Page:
These actions have raised questions about the role of federal regulation in the banking industry. Some critics have argued that the collapse was a result of lax regulation, calling for tighter controls on the activities of banks and other financial institutions. Others have blamed the risks associated with the rapid growth of the tech industry, suggesting that greater regulation needs to ensure that lenders are not overexposed to this sector. While the intention behind federal intervention is often to protect the stability of the financial system and prevent widespread economic damage, some have concerns regarding the consequences and morality of these interventions.

Pictured above is the official emblem of the First Republic Bank. Before its bankruptcy, the institution was known for specialized private banking for wealthy clients and customized investment management. (Credit: Mariia Shalabaieva / Unsplash)

One criticism is that government intervention can create a moral hazard. When banks know that they are likely to be bailed out by the government in the event of a collapse, they may engage in risky behavior, assuming that the government will bear the costs of their failures. This can incentivize banks to take excessive risks, prioritizing short-term profits without adequately considering the long-term consequences. This dynamic can ultimately exacerbate the instability of the financial system and increase the likelihood of future crises.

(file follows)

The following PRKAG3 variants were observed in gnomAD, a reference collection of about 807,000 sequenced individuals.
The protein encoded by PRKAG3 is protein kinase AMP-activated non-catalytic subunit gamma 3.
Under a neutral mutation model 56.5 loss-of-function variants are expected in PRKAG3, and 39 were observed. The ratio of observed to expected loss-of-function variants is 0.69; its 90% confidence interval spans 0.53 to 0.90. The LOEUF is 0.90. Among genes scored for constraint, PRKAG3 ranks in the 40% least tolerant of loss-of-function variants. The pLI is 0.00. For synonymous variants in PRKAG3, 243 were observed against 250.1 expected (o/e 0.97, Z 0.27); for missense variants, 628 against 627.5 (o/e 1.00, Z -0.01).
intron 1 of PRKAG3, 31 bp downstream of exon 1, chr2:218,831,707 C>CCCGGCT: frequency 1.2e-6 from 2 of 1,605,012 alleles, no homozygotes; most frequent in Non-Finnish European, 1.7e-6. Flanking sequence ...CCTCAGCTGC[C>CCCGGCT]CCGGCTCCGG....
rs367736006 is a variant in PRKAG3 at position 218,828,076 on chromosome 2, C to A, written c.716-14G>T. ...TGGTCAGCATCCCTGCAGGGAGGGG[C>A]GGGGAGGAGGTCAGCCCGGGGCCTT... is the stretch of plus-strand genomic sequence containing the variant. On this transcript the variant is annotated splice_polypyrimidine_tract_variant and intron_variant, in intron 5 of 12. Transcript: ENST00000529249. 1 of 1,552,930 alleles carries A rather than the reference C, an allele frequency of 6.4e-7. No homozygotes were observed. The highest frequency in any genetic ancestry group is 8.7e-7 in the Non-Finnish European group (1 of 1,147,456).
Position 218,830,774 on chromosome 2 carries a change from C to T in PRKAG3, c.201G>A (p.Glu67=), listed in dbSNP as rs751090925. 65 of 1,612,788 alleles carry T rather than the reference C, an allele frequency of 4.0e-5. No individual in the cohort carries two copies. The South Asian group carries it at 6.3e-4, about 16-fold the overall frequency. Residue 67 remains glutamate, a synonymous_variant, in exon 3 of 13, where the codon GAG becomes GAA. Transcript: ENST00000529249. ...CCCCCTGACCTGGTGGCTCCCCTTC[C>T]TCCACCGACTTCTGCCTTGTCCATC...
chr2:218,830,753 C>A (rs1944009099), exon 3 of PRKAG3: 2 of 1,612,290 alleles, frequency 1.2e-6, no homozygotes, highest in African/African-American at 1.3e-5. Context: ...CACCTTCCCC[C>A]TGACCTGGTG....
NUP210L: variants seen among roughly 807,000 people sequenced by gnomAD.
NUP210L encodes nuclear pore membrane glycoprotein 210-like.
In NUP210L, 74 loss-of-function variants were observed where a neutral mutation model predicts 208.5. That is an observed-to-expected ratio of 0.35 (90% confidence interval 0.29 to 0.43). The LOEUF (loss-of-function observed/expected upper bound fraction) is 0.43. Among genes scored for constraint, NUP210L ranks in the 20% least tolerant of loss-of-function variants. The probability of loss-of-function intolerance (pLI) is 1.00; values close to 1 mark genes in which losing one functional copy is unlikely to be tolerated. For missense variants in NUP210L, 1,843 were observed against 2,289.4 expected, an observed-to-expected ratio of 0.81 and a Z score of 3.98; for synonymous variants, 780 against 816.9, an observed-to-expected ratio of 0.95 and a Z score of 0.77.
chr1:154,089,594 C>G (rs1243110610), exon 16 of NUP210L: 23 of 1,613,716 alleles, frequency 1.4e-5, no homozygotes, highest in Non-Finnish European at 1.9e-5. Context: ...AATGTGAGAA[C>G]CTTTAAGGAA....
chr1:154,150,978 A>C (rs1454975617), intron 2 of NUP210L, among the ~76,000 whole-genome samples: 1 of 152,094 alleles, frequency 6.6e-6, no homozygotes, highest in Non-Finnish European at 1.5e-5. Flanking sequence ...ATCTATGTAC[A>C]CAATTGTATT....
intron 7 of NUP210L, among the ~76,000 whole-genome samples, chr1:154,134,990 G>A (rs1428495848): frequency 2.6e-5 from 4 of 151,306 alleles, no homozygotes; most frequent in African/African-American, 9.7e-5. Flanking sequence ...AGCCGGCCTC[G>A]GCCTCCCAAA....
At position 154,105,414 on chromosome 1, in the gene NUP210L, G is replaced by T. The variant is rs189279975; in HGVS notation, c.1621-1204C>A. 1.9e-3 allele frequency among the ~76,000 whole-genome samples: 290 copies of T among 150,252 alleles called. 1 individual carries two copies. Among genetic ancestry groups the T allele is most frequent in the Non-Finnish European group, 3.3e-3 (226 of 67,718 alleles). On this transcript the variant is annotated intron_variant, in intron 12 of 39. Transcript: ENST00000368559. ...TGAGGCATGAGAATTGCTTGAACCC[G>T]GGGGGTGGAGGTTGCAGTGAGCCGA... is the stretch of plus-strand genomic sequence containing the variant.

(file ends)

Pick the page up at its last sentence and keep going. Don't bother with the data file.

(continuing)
Dr. Hauskrecht continued, “The Federal Reserve and the Treasury effectively bailed out the depositors of banks with an unsustainable business model. This produces moral hazard. In other words, in the future everyone has no reason to be more careful because they get bailed out anyways by the Fed and the Treasury. This clearly sends the wrong market signal.”

Another criticism is the potential for government intervention to distort market forces. When the government steps in to rescue failing banks, it disrupts the natural process of market discipline and resource allocation. In a free-market system, inefficient and poorly managed banks should be allowed to fail, as this encourages better risk management practices and promotes competition. By propping up failing banks, the government shields them from the consequences of their actions, distorting the market and potentially creating an environment where poorly managed institutions continue to operate at the expense of more responsible ones.